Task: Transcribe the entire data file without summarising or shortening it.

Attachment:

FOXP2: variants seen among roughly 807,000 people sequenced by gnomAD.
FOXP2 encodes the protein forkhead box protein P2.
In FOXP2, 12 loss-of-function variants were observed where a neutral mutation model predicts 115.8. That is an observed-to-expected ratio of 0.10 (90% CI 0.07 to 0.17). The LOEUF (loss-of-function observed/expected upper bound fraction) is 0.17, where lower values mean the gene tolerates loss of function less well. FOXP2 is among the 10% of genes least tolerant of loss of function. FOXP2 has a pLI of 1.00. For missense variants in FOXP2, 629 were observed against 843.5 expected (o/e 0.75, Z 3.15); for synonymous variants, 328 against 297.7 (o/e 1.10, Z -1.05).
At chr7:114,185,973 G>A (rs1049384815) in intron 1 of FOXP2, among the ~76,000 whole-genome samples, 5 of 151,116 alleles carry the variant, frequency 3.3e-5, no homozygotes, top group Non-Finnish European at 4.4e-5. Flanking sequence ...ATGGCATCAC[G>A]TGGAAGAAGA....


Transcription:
FOXP2: variants seen among roughly 807,000 people sequenced by gnomAD.
FOXP2 encodes the protein forkhead box protein P2.
In FOXP2, 12 loss-of-function variants were observed where a neutral mutation model predicts 115.8. That is an observed-to-expected ratio of 0.10 (90% CI 0.07 to 0.17). The LOEUF (loss-of-function observed/expected upper bound fraction) is 0.17, where lower values mean the gene tolerates loss of function less well. FOXP2 is among the 10% of genes least tolerant of loss of function. FOXP2 has a pLI of 1.00. For missense variants in FOXP2, 629 were observed against 843.5 expected (o/e 0.75, Z 3.15); for synonymous variants, 328 against 297.7 (o/e 1.10, Z -1.05).
At chr7:114,185,973 G>A (rs1049384815) in intron 1 of FOXP2, among the ~76,000 whole-genome samples, 5 of 151,116 alleles carry the variant, frequency 3.3e-5, no homozygotes, top group Non-Finnish European at 4.4e-5. Flanking sequence ...ATGGCATCAC[G>A]TGGAAGAAGA....